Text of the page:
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Swelling

How can I tell if swelling is cardiac?

Swelling is a common symptom often unrelated to illness. The volume of fluid in the human body changes often, for example in conjunction with women’s hormonal cycles, because approximately two-thirds of the normal body weight is water. Swelling occurs when venous pressure increases and fluid seeps into tissue. Swelling often precedes fluid accumulation in the body and weight gain. Heart failure, the heart’s deteriorated capacity to pump, causes additional fluid to accumulate in the body. Cardiac swelling involves other symptoms, such as shortness of breath and fatigue during exertion and findings such as increased jugular venous pressure and increased liver size. The symptoms of heart failure are easiest to detect in the lower extremities as a result of standing and sitting posture. Patients who are confined to bed may also have swelling in the pelvic area and back. In heart failure, swelling is evenly distributed in both lower extremities and is easiest to detect by pressing the front surface of the lower section of the shin bone. If additional fluid has accumulated in the tissue, pressing usually leaves an indentation that gradually disappears. Fluid may also accumulate in the abdominal cavity, and increased venous pressure in the intestines may cause bowel problems. Liver and kidney diseases and thyroid insufficiency are typical non‑cardiac illnesses, which often feature swelling. Swelling of the lower extremities may simply be due to obesity or to venous insufficiency, particularly in connection with long period of sitting. Venous circulation disturbances, lymphedema, low protein levels and medical substances, which cause the blood vessels to dilate also commonly cause swelling in the lower extremities. Sudden venous thrombosis is a severe condition that may underlie swelling. In that case, swelling is usually one‑sided.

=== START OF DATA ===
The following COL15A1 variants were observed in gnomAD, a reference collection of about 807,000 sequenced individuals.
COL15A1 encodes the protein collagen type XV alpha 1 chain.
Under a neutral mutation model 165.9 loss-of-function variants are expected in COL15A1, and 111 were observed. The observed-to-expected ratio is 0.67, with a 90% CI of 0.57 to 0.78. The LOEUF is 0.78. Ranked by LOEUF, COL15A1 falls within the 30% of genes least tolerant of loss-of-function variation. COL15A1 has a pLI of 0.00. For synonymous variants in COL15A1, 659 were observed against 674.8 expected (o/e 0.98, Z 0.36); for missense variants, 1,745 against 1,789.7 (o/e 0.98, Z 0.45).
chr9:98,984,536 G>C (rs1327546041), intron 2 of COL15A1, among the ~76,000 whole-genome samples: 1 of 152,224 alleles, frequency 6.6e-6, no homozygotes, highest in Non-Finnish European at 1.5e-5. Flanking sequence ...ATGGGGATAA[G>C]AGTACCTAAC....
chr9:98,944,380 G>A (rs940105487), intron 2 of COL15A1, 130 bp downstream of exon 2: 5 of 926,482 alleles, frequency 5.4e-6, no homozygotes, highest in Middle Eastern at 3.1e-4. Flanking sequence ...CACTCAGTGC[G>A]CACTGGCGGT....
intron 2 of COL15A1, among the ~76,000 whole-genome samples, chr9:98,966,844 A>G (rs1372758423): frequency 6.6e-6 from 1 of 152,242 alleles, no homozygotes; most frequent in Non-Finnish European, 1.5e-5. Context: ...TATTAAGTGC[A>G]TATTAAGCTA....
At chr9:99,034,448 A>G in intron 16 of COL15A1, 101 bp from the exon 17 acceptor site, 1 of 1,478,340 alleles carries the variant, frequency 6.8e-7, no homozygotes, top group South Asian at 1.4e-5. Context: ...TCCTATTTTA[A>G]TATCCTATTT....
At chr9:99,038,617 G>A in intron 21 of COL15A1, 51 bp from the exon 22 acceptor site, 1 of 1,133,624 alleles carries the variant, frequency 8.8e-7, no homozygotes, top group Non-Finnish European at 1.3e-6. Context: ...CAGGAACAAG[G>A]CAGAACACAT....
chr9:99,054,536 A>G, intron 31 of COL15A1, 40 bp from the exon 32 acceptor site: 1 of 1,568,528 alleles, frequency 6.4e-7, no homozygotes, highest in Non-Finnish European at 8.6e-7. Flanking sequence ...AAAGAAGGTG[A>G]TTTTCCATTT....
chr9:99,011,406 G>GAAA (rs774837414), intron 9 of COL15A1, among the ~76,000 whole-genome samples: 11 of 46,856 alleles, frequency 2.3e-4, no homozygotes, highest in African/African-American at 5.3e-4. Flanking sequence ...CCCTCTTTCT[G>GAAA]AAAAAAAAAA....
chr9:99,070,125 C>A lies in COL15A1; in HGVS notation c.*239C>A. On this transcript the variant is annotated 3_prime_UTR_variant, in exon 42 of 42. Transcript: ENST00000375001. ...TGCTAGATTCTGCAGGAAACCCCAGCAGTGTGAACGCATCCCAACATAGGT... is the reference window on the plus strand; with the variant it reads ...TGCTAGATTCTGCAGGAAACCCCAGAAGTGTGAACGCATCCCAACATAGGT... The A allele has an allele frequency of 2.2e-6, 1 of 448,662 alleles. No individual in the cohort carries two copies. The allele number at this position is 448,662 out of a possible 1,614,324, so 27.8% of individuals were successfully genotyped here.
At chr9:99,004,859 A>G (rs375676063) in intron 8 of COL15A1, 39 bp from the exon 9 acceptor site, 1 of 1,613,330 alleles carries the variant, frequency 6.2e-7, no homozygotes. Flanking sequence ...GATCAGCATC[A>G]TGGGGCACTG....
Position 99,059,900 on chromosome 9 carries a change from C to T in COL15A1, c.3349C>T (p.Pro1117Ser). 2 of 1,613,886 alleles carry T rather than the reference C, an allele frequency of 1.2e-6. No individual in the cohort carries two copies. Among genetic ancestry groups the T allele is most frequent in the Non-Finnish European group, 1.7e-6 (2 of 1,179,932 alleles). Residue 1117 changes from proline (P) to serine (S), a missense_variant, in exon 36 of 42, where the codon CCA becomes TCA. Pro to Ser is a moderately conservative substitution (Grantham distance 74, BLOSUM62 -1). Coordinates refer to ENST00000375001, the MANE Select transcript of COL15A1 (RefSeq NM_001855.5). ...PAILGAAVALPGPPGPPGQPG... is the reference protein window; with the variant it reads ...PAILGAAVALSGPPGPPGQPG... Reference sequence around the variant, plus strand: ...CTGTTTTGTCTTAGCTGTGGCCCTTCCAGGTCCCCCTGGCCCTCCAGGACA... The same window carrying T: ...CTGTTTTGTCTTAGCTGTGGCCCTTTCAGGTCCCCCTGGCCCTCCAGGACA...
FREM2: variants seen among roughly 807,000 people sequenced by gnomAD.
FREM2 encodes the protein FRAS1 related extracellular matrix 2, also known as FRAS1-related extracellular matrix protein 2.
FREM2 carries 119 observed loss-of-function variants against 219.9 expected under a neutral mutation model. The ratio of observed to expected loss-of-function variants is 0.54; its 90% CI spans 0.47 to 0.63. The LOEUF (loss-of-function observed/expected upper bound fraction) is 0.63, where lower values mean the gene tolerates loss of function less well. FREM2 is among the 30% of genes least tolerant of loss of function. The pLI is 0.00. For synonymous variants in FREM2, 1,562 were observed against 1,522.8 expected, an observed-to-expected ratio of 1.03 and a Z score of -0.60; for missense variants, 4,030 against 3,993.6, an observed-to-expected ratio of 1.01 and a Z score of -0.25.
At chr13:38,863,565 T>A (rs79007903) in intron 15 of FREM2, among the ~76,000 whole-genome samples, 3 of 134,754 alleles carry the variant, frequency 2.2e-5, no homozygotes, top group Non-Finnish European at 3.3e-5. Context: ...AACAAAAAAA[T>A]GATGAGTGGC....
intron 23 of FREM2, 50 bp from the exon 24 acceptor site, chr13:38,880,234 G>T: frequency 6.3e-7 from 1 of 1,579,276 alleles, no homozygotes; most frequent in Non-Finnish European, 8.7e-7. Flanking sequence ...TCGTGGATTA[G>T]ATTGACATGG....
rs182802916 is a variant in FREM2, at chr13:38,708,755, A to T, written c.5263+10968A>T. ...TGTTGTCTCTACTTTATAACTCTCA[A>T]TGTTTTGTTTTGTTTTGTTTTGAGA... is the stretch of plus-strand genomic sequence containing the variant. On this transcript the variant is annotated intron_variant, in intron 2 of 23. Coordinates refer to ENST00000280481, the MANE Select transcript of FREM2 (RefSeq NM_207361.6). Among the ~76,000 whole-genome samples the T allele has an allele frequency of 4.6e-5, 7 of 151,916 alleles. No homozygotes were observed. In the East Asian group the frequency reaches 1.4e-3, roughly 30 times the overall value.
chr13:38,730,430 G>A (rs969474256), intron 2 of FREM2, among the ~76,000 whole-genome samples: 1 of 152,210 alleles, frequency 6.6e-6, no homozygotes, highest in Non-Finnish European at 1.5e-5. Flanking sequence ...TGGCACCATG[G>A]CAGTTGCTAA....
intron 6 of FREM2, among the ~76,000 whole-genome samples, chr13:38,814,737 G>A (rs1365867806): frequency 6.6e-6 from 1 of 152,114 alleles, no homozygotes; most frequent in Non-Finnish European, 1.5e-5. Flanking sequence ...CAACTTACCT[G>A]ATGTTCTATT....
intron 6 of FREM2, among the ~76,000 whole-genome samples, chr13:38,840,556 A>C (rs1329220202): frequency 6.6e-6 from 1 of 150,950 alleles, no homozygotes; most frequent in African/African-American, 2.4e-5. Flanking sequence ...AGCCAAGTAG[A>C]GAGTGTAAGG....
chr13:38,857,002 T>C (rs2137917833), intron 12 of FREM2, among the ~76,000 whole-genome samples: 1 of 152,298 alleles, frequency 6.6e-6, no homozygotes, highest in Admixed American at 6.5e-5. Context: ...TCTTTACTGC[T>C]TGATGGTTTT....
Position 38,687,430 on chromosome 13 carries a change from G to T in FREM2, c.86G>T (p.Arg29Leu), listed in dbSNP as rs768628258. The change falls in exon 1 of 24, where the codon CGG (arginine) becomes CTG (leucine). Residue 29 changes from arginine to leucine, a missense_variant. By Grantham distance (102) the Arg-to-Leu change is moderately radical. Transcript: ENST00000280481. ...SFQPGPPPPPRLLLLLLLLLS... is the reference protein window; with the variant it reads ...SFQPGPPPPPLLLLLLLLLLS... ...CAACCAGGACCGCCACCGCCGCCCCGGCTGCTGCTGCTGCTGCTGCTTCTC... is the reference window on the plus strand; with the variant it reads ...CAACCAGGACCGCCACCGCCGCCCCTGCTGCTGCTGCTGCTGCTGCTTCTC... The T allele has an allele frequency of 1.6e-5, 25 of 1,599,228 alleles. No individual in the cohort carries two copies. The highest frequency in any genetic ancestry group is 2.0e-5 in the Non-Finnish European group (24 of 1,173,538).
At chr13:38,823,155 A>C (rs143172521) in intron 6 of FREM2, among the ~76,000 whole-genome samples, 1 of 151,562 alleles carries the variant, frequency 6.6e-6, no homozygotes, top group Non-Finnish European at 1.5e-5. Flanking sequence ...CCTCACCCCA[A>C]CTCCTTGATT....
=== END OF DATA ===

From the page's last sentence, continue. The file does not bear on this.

Continuous swelling – when to get examined?

It is always good to have continuous swelling examined. If you experience sudden shortness of breath for no particular reason in conjunction with swelling, you should call an ambulance. The emergency nurses begin the treatment of sudden heart failure in the patient’s home. Diuretics are usually the quickest way to alleviate the condition of a heart failure patient. The treatment is continued during patient transport and in the hospital, where the reason for possible heart failure as well as any other treatment requirements will be examined. Even though mild swelling of the lower extremities may not be related to severe illness, the reason underlying continuous swelling must always be investigated.

It is always important to examine the cause of continuous swelling.